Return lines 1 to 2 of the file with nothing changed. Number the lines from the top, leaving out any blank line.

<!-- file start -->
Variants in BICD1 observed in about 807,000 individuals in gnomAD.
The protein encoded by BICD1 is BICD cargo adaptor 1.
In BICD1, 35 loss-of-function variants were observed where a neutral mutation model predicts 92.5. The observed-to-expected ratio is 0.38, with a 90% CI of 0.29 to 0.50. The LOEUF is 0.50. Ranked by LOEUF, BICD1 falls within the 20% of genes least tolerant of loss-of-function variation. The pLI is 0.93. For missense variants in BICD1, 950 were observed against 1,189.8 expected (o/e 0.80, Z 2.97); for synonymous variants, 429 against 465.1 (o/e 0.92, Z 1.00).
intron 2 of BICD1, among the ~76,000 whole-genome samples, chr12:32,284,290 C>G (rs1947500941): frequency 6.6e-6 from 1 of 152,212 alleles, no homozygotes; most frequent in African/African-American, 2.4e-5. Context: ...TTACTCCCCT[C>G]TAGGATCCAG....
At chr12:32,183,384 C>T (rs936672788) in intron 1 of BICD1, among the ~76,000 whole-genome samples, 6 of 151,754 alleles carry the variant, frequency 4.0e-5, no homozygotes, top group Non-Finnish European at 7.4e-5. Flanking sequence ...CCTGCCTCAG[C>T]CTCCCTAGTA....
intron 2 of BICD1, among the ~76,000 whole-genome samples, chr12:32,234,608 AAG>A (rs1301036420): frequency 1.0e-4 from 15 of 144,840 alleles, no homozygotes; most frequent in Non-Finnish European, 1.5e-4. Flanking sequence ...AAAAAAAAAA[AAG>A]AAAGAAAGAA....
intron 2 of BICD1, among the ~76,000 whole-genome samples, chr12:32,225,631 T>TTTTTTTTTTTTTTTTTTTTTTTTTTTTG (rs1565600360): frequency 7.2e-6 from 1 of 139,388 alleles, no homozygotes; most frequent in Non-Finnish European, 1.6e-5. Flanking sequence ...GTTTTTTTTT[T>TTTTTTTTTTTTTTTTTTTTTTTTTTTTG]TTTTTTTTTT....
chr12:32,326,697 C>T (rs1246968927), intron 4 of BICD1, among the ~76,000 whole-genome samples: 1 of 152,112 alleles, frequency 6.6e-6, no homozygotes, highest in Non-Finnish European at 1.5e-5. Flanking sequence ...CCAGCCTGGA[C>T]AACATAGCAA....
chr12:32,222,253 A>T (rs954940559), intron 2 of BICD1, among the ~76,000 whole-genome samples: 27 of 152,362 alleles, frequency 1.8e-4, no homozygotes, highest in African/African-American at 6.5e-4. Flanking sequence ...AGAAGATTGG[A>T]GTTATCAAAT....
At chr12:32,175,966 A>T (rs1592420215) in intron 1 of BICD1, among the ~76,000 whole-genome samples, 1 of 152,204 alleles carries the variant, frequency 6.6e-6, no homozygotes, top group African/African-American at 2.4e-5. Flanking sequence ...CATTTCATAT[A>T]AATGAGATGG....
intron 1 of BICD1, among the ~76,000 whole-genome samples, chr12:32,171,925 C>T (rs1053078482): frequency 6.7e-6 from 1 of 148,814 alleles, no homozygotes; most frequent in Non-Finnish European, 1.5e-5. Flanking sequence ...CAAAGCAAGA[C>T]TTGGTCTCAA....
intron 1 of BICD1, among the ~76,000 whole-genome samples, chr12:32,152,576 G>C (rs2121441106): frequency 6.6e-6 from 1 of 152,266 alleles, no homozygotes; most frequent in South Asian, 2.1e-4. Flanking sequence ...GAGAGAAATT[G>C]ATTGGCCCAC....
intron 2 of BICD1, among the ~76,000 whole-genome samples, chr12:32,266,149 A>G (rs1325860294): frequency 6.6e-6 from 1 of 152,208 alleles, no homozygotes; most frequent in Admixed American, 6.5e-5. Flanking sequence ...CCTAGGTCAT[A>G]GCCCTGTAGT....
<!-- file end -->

Variants in BICD1 observed in about 807,000 individuals in gnomAD.
The protein encoded by BICD1 is BICD cargo adaptor 1.